Doubles English Literature

In two books, "Jane Eyre" and "The Peculiar Case of Dr. Jekyll and Mr. Hyde, " we have been introduced to the term doubles. Doubles are two different people that are act and think equally, representing the other person in one way or another. In "The Bizarre Case of Dr. Jekyll and Mr. Hyde, " Dr. Jekyll becomes a man known as Edward Hyde, after taking some of the potion he has invented, making them the same person not two different ones. Mr. Hyde is like the monster hidden deep down inside Dr. Jekyll, holding out to get out and demolish everything in its way. In "Jane Eyre, " Bertha Mason is considered to be Jane's double. Unlike in "The Unusual Circumstance of Dr. Jekyll and Mr. Hyde, " Bertha and Jane won't be the same person, but Bertha represents Jane's dark, twisted part.

In "The Peculiar Case of Dr. Jekyll and Mr. Hyde" we live launched to the doubles, Dr. Jekyll and Mr. Hyde. In Jekyll's view, every heart and soul contains components of both good and evil, but is always dominant. In Jekyll's case, his good part is dominant, but he understands you can find evil inside of him. Dr. Jekyll is a very nice person, a good caring good friend, a kind of person that wouldn't damage a soar so he cannot satisfy his evil needs. Hyde symbolizes all the bad things inside Dr. Jekyll, all the darkness within him. Hissing as he talks, Hyde has "some sort of black sneering coolness. . . like Satan. " He also attacks those who witness him to be deformed, pale, and dwarfish. When put next in the ethnic context of the Victorian period, Hyde might be much like Western culture's desire for perceived "savage" countries and cultures, specifically in Africa and the West Indies, while Jekyll is the embodiment of English manners, pride, and high culture.

Dr. Jekyll works to build up a way to separate the two parts of his heart and soul and free his evil characteristics, which gives delivery to Edward Hyde. Instead of separating and equalizing the causes of good and evil, Jekyll's potion only allows his strictly evil side to get strength. Because Jekyll is in fact a combo of good and evil (rather than pure goodness), but Hyde is merely real evil. Thus, by doing simple math, the reader can see that there is never a way to strengthen or separate Jekyll's pure goodness. Without counterbalancing his evil personal information, Jekyll allows Hyde to develop increasingly strong, and finally take over totally; perhaps entirely destroying all the genuine goodness Jekyll ever had. But the issue of doubleness in this book is resolved when Edward Hyde kills himself, thus finally releasing both Jekyll and Hyde.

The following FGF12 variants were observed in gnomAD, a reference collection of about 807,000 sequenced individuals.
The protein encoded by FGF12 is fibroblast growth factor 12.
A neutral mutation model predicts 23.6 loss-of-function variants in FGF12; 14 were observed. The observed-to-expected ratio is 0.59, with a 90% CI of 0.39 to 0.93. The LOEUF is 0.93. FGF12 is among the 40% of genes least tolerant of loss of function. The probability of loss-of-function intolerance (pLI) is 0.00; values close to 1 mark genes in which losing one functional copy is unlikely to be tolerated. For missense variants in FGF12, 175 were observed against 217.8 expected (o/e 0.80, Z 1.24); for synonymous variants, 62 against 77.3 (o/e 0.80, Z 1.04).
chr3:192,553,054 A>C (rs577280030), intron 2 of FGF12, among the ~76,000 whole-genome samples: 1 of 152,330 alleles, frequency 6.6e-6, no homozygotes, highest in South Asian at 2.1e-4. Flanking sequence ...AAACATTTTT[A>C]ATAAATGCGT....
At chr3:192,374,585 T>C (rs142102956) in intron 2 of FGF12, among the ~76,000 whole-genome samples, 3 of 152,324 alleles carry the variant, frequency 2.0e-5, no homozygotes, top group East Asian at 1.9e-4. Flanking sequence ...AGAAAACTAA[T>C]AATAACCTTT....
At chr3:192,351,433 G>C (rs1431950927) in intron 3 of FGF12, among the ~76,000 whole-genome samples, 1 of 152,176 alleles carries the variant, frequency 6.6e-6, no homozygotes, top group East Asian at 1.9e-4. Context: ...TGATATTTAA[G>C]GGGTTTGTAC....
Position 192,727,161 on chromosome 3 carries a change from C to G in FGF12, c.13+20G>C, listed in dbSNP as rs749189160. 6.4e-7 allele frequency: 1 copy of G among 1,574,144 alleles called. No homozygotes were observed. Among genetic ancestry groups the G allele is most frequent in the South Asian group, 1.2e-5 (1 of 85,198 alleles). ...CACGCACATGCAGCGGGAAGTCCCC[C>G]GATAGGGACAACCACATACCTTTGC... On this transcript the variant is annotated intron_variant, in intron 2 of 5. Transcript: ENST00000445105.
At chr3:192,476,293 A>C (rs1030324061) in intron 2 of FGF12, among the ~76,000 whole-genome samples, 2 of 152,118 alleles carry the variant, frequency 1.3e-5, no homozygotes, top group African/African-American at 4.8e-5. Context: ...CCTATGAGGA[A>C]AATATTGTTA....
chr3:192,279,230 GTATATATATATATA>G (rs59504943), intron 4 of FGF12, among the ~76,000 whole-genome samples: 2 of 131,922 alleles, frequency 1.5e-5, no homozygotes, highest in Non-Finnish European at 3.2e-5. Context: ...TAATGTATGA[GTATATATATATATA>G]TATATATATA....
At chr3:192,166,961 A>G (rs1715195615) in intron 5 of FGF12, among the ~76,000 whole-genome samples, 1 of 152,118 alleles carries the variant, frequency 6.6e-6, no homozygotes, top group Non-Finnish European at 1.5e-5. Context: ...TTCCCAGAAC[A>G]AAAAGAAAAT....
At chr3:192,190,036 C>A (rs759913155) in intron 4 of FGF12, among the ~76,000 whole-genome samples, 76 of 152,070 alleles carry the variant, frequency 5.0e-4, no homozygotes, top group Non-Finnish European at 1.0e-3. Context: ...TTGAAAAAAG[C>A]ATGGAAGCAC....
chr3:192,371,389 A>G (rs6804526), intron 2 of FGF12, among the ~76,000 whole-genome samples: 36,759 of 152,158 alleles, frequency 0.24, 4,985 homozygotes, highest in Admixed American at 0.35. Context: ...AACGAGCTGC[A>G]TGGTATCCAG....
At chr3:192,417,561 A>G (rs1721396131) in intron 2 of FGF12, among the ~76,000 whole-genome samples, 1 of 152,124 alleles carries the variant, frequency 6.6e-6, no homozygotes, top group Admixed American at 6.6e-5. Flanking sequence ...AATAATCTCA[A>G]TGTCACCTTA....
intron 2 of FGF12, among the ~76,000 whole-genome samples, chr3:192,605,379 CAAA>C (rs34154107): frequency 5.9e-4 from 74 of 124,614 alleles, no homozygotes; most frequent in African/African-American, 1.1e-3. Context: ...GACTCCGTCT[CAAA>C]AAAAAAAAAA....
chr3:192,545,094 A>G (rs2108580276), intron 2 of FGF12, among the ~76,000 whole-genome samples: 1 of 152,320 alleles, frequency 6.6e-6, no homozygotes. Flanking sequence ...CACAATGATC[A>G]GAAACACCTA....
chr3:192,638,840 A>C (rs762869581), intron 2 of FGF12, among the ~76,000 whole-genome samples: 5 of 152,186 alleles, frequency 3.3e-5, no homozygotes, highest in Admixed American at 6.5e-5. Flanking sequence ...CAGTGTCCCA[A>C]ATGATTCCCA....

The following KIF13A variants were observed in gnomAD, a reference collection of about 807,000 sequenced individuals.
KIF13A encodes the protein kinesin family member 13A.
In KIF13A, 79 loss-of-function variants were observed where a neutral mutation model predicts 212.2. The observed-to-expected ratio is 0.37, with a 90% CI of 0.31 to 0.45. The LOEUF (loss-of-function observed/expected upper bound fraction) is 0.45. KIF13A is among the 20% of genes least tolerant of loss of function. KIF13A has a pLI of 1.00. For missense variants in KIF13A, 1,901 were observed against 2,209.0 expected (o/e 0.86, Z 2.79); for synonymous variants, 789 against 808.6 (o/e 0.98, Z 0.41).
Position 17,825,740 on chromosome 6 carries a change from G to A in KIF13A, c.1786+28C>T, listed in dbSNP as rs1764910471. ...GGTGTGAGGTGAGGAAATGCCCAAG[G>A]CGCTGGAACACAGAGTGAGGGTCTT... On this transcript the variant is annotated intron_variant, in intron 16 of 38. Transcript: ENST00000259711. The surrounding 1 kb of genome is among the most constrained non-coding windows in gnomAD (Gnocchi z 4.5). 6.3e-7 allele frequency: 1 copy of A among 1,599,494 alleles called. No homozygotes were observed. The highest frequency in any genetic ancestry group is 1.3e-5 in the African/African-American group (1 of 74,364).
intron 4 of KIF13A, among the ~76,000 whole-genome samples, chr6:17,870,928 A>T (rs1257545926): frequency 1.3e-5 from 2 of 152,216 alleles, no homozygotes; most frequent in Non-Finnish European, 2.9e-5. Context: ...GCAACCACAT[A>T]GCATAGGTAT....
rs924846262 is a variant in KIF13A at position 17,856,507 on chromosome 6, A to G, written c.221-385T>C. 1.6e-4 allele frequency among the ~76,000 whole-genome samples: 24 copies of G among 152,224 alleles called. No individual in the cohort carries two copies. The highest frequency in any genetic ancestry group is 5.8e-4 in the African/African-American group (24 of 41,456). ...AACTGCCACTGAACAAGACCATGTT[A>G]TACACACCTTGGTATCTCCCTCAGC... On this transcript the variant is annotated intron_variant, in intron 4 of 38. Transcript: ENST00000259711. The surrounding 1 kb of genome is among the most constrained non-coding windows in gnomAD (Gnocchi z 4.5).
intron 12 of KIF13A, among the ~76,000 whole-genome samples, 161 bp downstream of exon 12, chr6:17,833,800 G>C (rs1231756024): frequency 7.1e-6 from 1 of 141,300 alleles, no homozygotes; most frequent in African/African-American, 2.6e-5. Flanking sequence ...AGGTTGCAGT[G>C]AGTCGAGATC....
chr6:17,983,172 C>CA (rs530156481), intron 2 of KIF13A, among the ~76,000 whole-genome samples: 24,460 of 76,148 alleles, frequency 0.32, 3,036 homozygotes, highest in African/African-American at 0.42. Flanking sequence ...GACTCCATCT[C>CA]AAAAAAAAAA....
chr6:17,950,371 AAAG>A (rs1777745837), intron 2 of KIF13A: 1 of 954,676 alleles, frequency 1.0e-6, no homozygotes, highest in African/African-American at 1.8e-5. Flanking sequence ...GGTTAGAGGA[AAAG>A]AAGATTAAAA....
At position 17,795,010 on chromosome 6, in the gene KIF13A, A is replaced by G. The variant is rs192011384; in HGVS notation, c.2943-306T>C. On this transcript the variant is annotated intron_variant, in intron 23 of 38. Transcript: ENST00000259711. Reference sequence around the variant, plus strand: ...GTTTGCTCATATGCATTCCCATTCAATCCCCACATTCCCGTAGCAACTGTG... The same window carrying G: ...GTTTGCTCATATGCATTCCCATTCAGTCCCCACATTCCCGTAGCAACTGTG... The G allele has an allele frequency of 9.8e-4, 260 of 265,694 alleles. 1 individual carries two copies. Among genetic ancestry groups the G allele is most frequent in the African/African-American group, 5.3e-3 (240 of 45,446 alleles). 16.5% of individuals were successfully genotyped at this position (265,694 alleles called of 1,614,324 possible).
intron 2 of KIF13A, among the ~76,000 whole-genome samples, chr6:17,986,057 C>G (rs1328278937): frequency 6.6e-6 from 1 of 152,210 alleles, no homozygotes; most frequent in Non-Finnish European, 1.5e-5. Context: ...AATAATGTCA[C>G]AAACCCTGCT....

In "Jane Eyre", the type of Bertha Mason may very well be both an external twin and a projected dual to Jane herself. Bertha is the violently crazy secret partner of Edward Rochester; she actually is imprisoned in the attic of Thornfield Manor. Jane is full of vengeful, raging anger, and can thus find her literal double in Bertha. Bertha is similar to a manifestation of Jane's subconscious feelings - specifically, of her trend against oppressive cultural and gender norms. Her anger first manifests itself in the red room scene of the beginning chapter, foreshadowing the hostility which Bertha is to act out later. The "fiend-like" Jane is threatened with being "tied down" in "bonds" if she will not send to her oppression, as Bertha is tied down after her strike on Rochester, her oppressor.

Jane's struggle for popularity within the patriarchal prison, in which she lives, however, necessitates a suppression of this anger. It is this stifling of her selfhood which generates the projected double, that may later actually emerge from Jane's psyche into a materialized individual entity - the stereotype of female madness. Bertha becomes the perpetrator of Jane's impulses, behaving out the concealed trend which burns fiercely within her. Later in the novel, Jane declares her love for Rochester, but she also secretly fears marriage to him and seems the necessity to rage from the imprisonment it might become on her behalf. Jane never manifests this fear or anger, but Bertha does. Thus Bertha tears up the bridal veil, and it is Bertha's lifetime that indeed halts the wedding from heading forth.

The issue of this doubleness in "Jane Eyre" is solved when Bertha escapes her prison and attempts to melt away down the mansion, concluding her own life. Unlike in "The Peculiar Case of Dr. Jekyll and Mr. Hyde, " she is the only double to die. Following the damage of her own dark increase, Jane can attain equality and tranquility.

There is several distinctions between Edward Hyde and Bertha Mason as doubles, the most crucial one being that Hyde and Jekyll were the same person and Bertha wasn't a part of Jane. The other different thing about them was that Edward Hyde is more violent than Bertha in the novel. Jekyll creates Hyde to split up his bad part from his good side because he thought it was essential to unleash his monster once in a while; Bertha presents the trend against sociable and gender norms in Jane. For me, it is considered more of a similarity when compared to a difference.

In "Jane Eyre" and "The Bizarre Circumstance of Dr. Jekyll and Mr. Hyde" we could presented to the doubles, two character types that represent the other person in a single way or another. Mr. Hyde is Dr. Jekyll's interior monster and Bertha Mason symbolizes all the rage in Jane Eyre. Both of these doubles have a whole lot in keeping, but at the same time they have got their differences. Which makes the doubles unique and the novels interesting.

Works Cited

Bronte, Charlotte. Jane Eyre. NY: Signet Basic, 1997.

Stevenson, Robert Louis. The Unusual Circumstance of Dr. Jekyll and Mr. Hyde.

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